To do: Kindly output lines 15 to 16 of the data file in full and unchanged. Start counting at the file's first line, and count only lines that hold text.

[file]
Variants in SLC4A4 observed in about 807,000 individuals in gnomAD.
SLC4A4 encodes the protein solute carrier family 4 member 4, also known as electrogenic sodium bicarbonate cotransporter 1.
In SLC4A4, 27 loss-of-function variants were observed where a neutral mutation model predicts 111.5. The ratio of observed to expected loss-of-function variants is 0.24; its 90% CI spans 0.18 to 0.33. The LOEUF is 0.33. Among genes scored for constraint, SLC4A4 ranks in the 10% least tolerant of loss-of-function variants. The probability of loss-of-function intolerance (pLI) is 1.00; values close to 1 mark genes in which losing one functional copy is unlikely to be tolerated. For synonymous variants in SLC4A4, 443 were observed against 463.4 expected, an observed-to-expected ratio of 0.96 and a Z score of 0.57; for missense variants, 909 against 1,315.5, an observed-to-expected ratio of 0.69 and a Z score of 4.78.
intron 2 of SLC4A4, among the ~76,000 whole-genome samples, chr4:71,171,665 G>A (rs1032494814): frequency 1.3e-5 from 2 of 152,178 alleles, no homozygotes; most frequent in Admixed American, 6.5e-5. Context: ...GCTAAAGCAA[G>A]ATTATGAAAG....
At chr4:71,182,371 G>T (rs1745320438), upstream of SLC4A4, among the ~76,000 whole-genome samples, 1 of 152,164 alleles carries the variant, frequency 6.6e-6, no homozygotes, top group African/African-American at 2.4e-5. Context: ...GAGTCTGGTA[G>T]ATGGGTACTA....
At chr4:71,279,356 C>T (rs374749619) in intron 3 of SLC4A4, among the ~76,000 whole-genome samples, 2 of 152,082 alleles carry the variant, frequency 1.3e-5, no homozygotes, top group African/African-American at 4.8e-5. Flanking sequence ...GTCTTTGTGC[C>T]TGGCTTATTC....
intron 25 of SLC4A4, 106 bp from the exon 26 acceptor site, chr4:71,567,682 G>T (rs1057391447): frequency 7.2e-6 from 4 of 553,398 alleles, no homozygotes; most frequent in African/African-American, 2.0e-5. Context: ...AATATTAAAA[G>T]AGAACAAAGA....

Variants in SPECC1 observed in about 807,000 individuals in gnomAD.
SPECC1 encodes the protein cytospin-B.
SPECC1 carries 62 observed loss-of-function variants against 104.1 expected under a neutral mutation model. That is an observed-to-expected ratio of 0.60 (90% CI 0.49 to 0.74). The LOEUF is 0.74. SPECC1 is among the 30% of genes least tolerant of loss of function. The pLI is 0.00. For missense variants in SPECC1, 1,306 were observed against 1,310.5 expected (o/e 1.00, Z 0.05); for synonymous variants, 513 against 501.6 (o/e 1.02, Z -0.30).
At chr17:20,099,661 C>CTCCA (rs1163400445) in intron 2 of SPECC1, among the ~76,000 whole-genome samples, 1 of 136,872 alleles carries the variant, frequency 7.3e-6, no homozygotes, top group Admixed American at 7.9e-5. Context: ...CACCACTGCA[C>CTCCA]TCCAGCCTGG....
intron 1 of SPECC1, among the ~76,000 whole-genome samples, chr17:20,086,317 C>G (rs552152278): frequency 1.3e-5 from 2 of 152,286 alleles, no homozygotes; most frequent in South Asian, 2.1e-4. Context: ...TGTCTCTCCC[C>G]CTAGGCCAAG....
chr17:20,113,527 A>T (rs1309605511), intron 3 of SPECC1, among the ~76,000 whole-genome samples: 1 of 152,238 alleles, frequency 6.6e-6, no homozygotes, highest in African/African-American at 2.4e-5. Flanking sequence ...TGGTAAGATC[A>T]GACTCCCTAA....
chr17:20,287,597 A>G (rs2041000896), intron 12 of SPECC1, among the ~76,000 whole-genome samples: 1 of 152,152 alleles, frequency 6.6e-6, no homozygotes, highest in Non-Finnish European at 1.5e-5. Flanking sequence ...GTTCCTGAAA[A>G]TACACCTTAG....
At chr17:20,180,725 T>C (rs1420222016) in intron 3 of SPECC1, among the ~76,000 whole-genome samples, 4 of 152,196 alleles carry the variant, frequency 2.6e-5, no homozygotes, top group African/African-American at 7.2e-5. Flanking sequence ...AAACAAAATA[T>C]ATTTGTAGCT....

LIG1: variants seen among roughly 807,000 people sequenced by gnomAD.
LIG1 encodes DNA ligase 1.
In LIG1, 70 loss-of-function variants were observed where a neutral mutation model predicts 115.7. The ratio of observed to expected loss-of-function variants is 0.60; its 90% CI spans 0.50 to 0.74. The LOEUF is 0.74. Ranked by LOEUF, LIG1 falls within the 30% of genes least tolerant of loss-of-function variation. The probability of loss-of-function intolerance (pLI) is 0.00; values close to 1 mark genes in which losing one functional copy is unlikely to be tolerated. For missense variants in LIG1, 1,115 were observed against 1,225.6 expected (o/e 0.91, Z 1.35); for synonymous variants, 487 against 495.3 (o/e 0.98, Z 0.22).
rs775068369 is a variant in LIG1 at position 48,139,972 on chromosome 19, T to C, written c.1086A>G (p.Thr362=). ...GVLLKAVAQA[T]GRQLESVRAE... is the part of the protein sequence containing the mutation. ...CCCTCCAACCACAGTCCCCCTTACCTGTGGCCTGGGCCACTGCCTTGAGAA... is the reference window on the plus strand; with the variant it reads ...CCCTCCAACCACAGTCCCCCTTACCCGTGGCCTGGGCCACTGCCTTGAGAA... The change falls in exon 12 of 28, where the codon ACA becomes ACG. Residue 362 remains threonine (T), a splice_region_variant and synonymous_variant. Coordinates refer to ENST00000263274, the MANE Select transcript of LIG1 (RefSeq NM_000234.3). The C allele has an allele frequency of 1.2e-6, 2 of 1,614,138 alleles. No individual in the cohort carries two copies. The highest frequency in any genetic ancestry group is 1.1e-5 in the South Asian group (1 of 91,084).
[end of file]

At chr17:20,180,725 T>C (rs1420222016) in intron 3 of SPECC1, among the ~76,000 whole-genome samples, 4 of 152,196 alleles carry the variant, frequency 2.6e-5, no homozygotes, top group African/African-American at 7.2e-5. Flanking sequence ...AAACAAAATA[T>C]ATTTGTAGCT....

LIG1: variants seen among roughly 807,000 people sequenced by gnomAD.